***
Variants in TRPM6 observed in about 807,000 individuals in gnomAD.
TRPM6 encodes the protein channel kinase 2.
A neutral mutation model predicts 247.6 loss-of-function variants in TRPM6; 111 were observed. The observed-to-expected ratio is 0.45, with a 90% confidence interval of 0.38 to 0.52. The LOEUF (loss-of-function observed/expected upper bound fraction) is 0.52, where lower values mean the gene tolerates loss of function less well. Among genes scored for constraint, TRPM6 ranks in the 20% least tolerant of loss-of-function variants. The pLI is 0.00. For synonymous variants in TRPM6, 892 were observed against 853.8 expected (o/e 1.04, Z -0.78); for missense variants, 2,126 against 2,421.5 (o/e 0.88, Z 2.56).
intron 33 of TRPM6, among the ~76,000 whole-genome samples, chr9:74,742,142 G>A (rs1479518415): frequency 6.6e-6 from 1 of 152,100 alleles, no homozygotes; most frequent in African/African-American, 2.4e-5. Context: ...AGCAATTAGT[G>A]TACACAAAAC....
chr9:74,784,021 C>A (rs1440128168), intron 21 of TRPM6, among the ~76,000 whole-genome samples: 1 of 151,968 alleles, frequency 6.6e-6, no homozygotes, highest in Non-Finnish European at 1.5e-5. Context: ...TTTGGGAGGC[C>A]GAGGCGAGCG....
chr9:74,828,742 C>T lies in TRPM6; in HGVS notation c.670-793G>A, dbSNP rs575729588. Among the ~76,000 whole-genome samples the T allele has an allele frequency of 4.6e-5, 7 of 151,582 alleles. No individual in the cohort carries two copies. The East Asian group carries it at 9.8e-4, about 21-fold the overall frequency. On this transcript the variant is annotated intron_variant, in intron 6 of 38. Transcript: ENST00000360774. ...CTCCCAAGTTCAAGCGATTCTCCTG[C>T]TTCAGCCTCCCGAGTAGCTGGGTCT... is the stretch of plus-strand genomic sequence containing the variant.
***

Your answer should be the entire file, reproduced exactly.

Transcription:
Variants in TRPM6 observed in about 807,000 individuals in gnomAD.
TRPM6 encodes the protein channel kinase 2.
A neutral mutation model predicts 247.6 loss-of-function variants in TRPM6; 111 were observed. The observed-to-expected ratio is 0.45, with a 90% confidence interval of 0.38 to 0.52. The LOEUF (loss-of-function observed/expected upper bound fraction) is 0.52, where lower values mean the gene tolerates loss of function less well. Among genes scored for constraint, TRPM6 ranks in the 20% least tolerant of loss-of-function variants. The pLI is 0.00. For synonymous variants in TRPM6, 892 were observed against 853.8 expected (o/e 1.04, Z -0.78); for missense variants, 2,126 against 2,421.5 (o/e 0.88, Z 2.56).
intron 33 of TRPM6, among the ~76,000 whole-genome samples, chr9:74,742,142 G>A (rs1479518415): frequency 6.6e-6 from 1 of 152,100 alleles, no homozygotes; most frequent in African/African-American, 2.4e-5. Context: ...AGCAATTAGT[G>A]TACACAAAAC....
chr9:74,784,021 C>A (rs1440128168), intron 21 of TRPM6, among the ~76,000 whole-genome samples: 1 of 151,968 alleles, frequency 6.6e-6, no homozygotes, highest in Non-Finnish European at 1.5e-5. Context: ...TTTGGGAGGC[C>A]GAGGCGAGCG....
chr9:74,828,742 C>T lies in TRPM6; in HGVS notation c.670-793G>A, dbSNP rs575729588. Among the ~76,000 whole-genome samples the T allele has an allele frequency of 4.6e-5, 7 of 151,582 alleles. No individual in the cohort carries two copies. The East Asian group carries it at 9.8e-4, about 21-fold the overall frequency. On this transcript the variant is annotated intron_variant, in intron 6 of 38. Transcript: ENST00000360774. ...CTCCCAAGTTCAAGCGATTCTCCTG[C>T]TTCAGCCTCCCGAGTAGCTGGGTCT... is the stretch of plus-strand genomic sequence containing the variant.